Beyond those Van Gogh shows: Already trending globally, immersive art galleries now popping up in Canada
Is it the next big thing? Organizers think the future is bright ... and projected in 360 degrees
In Calgary, Mary Anne Moser is waiting for a delivery. A shipment of panels is set to arrive this week, she says, and that might not sound like huge news, but once those packages turn up, work can begin on the next phase of a project that's been underway at the Telus Spark Science Centre throughout the pandemic.
The Spark's old Energy and Innovation Gallery is being transformed into a brand new attraction, part of the centre's $5.88 million revitalization project, an undertaking that will also see upgrades to their domed theatre and classrooms, among other additions. Moser is the president and CEO of the Spark, and she excitedly shares her vision for the aforementioned gallery — a room that's empty for the moment, but will soon house a facility that's as futuristic as it is extremely of the moment.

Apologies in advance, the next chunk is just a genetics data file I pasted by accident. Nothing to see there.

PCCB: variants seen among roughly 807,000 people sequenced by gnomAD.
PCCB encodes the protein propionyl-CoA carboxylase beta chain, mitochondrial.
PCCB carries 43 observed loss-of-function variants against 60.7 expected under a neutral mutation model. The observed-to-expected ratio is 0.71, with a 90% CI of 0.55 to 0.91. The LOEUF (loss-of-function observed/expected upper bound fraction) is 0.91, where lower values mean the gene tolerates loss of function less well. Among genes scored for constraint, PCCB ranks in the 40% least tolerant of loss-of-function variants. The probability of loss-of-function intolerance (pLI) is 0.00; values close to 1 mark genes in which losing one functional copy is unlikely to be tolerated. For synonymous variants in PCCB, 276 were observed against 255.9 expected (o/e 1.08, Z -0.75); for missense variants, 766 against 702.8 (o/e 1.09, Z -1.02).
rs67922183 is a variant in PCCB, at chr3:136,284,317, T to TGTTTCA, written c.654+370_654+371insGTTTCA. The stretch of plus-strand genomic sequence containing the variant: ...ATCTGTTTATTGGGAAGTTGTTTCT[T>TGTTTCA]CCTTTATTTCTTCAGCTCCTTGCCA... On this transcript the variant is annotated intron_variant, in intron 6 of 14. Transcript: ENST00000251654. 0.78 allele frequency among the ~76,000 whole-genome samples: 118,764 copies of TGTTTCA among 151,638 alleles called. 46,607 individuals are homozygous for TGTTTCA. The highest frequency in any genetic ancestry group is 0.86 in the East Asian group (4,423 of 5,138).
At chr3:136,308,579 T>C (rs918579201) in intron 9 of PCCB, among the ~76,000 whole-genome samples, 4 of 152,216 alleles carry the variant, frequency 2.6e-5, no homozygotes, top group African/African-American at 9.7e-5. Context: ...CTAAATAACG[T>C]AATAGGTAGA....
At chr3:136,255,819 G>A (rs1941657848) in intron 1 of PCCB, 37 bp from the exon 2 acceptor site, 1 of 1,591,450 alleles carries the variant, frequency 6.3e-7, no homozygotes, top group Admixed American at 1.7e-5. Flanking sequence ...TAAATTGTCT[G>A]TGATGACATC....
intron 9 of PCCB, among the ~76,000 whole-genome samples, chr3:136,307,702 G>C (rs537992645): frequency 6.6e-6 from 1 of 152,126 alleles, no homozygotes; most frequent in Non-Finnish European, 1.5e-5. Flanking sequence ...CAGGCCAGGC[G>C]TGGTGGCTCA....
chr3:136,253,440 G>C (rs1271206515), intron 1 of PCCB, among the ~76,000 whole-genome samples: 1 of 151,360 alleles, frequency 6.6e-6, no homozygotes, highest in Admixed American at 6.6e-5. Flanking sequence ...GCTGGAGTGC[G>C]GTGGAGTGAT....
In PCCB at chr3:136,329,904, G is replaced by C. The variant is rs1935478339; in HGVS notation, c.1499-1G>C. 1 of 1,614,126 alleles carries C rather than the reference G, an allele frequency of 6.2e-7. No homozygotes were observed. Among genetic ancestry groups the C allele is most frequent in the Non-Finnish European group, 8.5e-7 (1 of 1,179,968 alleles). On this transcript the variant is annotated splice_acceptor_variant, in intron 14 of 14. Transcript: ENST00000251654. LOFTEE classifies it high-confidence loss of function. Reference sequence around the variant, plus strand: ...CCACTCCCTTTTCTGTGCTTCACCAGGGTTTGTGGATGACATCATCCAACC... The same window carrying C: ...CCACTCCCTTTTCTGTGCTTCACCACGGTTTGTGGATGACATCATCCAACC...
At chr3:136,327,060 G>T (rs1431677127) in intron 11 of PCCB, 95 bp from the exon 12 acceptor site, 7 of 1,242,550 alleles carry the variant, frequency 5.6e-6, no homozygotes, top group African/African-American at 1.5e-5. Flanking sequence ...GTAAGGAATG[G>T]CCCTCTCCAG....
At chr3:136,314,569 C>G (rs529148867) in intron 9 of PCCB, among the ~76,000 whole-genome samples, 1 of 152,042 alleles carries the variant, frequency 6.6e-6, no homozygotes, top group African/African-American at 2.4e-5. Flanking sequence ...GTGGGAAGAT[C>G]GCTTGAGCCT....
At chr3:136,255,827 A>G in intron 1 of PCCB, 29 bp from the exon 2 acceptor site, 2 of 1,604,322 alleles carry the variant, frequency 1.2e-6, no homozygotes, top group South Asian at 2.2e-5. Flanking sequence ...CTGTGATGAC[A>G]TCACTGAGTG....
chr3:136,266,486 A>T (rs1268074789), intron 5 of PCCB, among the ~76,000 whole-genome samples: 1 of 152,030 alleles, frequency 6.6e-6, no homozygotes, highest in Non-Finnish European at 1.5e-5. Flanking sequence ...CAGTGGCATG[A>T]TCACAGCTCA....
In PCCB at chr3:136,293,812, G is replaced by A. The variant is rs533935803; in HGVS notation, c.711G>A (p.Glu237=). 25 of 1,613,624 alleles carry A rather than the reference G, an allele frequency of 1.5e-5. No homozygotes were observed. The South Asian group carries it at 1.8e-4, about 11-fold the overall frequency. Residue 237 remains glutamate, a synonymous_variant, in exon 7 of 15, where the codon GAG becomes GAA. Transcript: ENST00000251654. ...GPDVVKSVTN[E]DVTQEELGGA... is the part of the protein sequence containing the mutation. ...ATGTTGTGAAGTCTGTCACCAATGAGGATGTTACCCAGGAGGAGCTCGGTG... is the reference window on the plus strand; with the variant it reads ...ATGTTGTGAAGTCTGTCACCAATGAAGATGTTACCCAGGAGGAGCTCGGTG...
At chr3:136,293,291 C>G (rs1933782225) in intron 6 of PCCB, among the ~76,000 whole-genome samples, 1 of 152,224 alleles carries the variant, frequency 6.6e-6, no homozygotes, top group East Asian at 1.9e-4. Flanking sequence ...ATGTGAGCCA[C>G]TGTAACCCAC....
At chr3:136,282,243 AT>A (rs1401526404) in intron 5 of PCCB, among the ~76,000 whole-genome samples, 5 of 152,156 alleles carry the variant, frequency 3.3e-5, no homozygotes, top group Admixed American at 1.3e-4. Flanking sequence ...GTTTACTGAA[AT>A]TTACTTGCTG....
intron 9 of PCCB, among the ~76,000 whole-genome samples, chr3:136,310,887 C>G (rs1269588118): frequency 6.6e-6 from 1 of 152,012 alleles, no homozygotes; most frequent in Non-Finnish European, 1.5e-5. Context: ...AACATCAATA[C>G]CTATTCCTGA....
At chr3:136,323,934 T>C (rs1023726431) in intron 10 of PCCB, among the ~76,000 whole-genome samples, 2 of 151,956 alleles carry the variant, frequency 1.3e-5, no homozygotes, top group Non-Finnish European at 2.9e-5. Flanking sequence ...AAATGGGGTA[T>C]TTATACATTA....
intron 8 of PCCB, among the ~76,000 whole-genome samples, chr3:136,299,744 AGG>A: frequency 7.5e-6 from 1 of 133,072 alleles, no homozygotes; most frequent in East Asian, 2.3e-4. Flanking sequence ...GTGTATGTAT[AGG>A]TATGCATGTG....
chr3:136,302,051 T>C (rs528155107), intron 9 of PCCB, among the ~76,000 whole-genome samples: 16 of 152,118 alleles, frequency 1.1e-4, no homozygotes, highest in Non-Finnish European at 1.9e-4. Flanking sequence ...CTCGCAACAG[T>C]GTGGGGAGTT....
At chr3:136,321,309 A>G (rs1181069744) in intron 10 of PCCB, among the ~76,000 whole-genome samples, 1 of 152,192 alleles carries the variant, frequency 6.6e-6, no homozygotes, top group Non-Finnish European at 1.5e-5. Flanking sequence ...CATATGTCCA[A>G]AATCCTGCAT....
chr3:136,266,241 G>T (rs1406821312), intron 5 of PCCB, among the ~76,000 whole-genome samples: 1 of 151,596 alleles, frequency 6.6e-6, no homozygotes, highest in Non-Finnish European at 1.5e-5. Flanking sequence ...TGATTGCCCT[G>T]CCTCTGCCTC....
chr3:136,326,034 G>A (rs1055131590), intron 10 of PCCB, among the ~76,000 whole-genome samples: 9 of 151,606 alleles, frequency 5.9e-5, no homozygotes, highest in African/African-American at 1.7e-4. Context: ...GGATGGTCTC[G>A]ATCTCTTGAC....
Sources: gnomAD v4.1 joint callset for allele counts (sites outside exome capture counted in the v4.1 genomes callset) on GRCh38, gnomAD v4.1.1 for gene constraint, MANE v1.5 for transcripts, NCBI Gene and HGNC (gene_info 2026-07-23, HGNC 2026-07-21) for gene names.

The project is a digital immersion gallery, a dedicated venue with 5,500 square feet of exhibition space. Slated to open on July 29, it's been specially designed for multimedia events in the style of, say, those 360-degree Van Gogh extravaganzas, shows that have become increasingly familiar to audiences via any number of touring productions — and/or Emily in Paris.
Animated sunflowers, however, will not be the main event when the Spark debuts its new gallery at the end of the month. Their inaugural show is called Every Second. An educational experience narrated by Isabella Rossellini, Moser describes the original production as a story "about the math of moments that make up your life," and further programming is to be announced, with fresh shows appearing every six months. "We'd love to bring people to the bottom of the ocean and inside the human brain or, you know, to outer space," says Moser. "We have quite a few projects in the hopper."
The first digital immersion galleries in Canada